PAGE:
Downhill slopes tend to give amateur golfers major fits, usually causing thin shots and flares out to the right (for a right-hander). Even well-struck shots from this awkward position often fly very low and roll forever after landing.
Here’s why. When playing downhill – that is, the slope falls directly toward the target – the golfer’s weight is pulled onto his left (lead) side, making it difficult to turn sufficiently on the backswing. When this happens, many golfers adjust by shifting their weight right too late in the swing, causing a “reverse pivot” that only makes things worse.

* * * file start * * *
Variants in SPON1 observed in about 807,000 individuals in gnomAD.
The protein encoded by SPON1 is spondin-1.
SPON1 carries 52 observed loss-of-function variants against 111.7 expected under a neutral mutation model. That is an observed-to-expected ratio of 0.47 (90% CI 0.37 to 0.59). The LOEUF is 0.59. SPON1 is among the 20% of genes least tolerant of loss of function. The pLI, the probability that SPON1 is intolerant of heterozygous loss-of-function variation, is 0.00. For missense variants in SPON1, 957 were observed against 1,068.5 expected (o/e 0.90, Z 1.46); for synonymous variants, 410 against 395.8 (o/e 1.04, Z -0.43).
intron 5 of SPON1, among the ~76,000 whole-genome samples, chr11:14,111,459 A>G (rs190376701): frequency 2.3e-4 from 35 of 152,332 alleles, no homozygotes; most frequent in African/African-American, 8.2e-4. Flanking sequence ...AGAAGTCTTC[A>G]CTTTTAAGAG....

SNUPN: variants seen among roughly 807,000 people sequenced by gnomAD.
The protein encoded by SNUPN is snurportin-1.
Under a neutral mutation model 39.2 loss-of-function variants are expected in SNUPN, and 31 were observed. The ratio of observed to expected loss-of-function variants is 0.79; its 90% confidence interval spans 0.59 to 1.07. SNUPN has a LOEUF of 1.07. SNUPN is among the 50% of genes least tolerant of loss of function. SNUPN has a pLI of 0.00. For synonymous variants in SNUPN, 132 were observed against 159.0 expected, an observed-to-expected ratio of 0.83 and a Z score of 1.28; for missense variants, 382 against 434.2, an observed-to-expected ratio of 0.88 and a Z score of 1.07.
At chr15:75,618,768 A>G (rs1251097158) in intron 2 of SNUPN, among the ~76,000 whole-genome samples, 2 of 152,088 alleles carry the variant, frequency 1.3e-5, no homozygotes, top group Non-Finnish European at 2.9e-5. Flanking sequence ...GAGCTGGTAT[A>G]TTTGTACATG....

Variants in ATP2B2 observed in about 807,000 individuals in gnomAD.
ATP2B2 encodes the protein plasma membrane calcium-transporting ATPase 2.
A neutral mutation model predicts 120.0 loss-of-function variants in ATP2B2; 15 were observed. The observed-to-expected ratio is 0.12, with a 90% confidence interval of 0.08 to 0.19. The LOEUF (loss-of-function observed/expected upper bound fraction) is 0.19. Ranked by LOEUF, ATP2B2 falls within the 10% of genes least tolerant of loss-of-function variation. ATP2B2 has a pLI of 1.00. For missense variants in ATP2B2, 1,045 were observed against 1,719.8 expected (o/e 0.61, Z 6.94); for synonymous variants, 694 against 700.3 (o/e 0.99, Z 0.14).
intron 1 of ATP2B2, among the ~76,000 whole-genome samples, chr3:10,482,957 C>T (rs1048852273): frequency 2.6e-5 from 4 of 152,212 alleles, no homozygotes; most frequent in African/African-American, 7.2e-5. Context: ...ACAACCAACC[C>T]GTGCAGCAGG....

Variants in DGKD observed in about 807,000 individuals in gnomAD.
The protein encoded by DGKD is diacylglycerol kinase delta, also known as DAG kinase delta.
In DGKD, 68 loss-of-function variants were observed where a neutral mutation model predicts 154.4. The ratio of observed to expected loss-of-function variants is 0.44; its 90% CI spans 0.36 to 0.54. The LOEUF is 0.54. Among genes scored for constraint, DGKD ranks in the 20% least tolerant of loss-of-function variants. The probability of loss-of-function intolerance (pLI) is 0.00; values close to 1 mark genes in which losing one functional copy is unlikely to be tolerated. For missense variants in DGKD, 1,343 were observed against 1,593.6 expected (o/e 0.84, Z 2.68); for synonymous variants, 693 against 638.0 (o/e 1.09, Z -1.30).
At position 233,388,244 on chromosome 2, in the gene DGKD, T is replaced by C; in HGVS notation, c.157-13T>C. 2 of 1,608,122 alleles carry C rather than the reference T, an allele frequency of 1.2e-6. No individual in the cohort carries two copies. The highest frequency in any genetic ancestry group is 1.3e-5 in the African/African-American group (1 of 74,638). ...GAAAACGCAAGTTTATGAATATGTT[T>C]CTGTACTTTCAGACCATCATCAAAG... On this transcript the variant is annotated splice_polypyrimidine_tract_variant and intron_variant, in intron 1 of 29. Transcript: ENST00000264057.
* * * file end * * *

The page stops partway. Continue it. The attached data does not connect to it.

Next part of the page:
If your weight stays left throughout, the hands will lag the lower body on the downswing, leaving the clubface open at impact. Often, this failure to release the club (roll the right hand over the left) causes a thin shot as the club doesn’t bottom out until it’s well past the ball.
Occasionally, the player will hit behind the ball in an attempt to scoop or flick it into the air.
Our next tip will analyze the effect of a downhill stance on the ball’s flight – or lack thereof.